In today's column we introduce Admiral Grey, a fictional character who sailed for England in the later half of the 19th century. You can read more of the Admiral's adventures in our ongoing story at www.admiralgrey.com. He's a character we created many years ago, but we didn't know until now about his interest in checkers, or draughts as he would call it.
Not everyone knew everything about Admiral Grey, he who sails the seven seas, he who has fought and likely will fight many a battle for Crown and Country, he who, despite being the nephew of famed Admiral Earl Grey, has made his career on his own, rising from orphaned youth to command rank in the Royal Navy by dint of grit, determination, and hard work.
Everyone knew those things, of course. Those who entered his cabin, the ones closest in rank aboard ship, would know something more. In his cabin one could not help but see the lifelike drawing of his fiancee, Julianna, though that would not tell the tale of their difficult romance, overshadowed by the enmity of Julianna's father. One would see the trappings and tools of office, of course; the British flag, the logbook and sextant, the map table and looking glass.
There were the books, many in number and diverse, from the Greek and Latin classics to the tomes on medicine and science, and of course astronomy and navigation; there were even novels and books of verse for the Admiral was fond of Jane Austen, Sir Walter Scott, Tennyson, and many more.
But there is one thing that they might not see.
It wasn't the small collection of teapots and the larger collection of teas, for the Admiral loved his tea and had teas to suit most moods and situations. Nor was it his curio cabinet, filled with souvenirs and mementos from all corners of the world.
No, it was something else.
While sea voyages may possess a certain mystique, there was plenty of hard and mundane work for everyone, including the Admiral. In-between the relatively brief moments of peril and excitement, such as during a great storm or in the throes of battle, much of sailing consisted of long days and endless nights in an unbroken expanse of sea. At times, if it was never altogether boring, it was certainly routine, and when darkness had fallen and dinner was over, the Admiral would retire to his inner cabin alone.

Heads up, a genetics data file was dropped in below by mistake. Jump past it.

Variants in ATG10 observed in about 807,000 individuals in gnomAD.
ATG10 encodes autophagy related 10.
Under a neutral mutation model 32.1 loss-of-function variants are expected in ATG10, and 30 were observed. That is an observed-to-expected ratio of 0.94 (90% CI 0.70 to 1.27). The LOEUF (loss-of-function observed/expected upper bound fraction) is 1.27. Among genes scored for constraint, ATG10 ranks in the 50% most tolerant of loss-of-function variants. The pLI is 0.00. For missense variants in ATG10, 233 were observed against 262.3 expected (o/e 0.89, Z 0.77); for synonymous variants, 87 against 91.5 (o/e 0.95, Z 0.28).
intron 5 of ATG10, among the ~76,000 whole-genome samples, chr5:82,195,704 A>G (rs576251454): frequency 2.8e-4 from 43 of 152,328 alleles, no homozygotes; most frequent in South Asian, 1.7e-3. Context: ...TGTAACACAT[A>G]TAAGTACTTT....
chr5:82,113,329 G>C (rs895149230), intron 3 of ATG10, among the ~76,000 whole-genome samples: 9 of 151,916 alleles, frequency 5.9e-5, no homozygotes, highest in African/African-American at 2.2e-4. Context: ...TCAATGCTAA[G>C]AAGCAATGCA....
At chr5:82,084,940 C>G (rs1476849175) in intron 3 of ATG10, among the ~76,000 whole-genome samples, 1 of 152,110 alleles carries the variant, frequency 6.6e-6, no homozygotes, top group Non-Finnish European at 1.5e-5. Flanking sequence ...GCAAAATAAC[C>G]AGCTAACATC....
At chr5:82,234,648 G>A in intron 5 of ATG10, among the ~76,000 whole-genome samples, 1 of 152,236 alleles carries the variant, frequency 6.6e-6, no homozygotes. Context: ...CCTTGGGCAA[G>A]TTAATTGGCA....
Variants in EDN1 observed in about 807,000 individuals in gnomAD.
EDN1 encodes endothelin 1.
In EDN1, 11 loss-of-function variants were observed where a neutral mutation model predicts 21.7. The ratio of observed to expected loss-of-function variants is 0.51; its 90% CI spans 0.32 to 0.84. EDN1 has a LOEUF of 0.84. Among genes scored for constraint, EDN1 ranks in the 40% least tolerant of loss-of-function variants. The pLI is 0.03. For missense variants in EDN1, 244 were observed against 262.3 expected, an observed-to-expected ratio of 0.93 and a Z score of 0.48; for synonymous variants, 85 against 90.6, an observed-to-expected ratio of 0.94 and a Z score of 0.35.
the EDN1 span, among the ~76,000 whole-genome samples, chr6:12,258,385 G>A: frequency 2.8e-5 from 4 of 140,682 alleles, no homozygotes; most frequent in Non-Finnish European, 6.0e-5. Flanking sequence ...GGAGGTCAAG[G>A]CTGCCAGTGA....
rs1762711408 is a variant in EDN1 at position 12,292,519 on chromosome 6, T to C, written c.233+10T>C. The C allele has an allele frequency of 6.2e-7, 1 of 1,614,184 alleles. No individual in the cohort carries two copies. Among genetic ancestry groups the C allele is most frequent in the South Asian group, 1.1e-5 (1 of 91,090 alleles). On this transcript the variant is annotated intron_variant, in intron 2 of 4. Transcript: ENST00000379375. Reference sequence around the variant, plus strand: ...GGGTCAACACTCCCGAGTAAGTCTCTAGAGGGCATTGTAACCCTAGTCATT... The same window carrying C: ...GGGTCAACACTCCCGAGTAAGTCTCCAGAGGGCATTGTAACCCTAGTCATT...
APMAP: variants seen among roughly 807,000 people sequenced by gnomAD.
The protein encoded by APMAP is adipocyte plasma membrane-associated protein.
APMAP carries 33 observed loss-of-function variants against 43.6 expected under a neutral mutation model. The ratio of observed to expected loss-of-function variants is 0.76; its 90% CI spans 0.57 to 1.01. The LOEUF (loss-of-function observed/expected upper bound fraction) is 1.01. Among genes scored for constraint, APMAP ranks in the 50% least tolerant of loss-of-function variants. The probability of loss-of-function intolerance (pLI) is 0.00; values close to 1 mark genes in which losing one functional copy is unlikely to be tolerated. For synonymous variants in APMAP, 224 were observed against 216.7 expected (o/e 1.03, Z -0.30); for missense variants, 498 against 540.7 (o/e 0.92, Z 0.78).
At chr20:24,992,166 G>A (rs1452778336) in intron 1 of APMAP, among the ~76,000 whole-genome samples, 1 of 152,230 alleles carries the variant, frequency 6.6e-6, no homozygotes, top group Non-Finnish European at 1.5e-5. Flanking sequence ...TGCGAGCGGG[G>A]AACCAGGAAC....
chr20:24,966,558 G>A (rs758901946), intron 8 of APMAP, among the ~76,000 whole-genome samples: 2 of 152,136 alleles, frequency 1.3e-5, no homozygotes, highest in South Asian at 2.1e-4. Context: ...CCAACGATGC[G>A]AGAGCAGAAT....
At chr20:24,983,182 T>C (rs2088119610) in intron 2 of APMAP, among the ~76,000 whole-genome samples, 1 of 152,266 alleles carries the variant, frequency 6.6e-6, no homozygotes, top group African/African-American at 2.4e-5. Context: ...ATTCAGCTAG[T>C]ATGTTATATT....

There, after completing his log-book entries for the day, he would read his books. He would brew a cup of herbal tea, something of chamomile and mint and valerian, blended from a secret formula at Mr. Maxey's shop back in England, and he would enjoy its relaxing effects. But there was one more thing, perhaps one which he enjoyed more than all the others.
From his bookcase he would take out a slim volume of draughts problems, for draughts had somehow always fascinated him, and solving problems--- in his head, for he did not wish to set up a board--- was, to him, great entertainment, a fine compliment to his tea, and a measured bit of leisure activity before his customary five or six hours of sleep.
This night was no different. The Admiral was sailing on a special mission between England and Hawai`i, and after a perilous rounding of Cape Horn, weeks of quiet sailing ensued. There were plenty of nights when the draughts book journeyed the few steps between the Admiral's bookcase and the Admiral's easy chair.
With a cup of his "Good Evening" tea by his side, the Admiral was studying the following position.
The Admiral was finding it difficult, and the tea and the rolling motion of the ship were lulling him, making concentration difficult. He'd have a few more sips of tea and then sleep; perhaps the solution would come to him overnight, as it so often did for so many difficult problems, and not just of the draughts variety.
Suddenly, he sat up and, now fully awake, exclaimed, "How devilishly clever!" He smiled and drained the last of his tea from his cup. "Marvelous!" he said. "Indeed, a great way to end the day."
With (or without) the tea of your choice, can you equal Admiral Grey and solve the problem? Perhaps late at night when you're sleepy may not be the best time, but only you know when you work best. Give it a try and then sail your mouse over to Read More to see the solution.
Today's problem is credited to Lawrence Armstrong of McKeesport, Pennsylvania. It was published on December 26, 1885 in the Draughts Players' Weekly Magazine. That's a bit after Admiral Grey's voyage to Hawai`i, but we hope you'll grant us a little artistic license.
The problem is quite interesting. White's first move should be 15-10, not 6-9. Black can respond in two different ways.
If Black makes an in-between move:
15-10 13-17 6-9 30-26 9x18 26x19 21x14 White Wins.
If Black goes after the White man right away:
15-10 30-26 6-9 26x19 9x18 20-24 18-23 19x26 28x12 White Wins.
But look what happens if White is impatient:
6-9 13-17 9x18 30-26 21x14 26x17 Black Wins!
Perhaps our good Admiral was focusing on 6-9 at first. We'll never know as he didn't mention it in his logbook!
Addendum: Lloyd Gordon sent along some supplementary play. Using KingsRow, he found that an early pitch by Black makes the White win much more difficult, if no less inevitable.
We think the 14-17 pitch is "computerish" and not likely to be played by humans, but it certainly makes for interesting play. Thanks, Lloyd!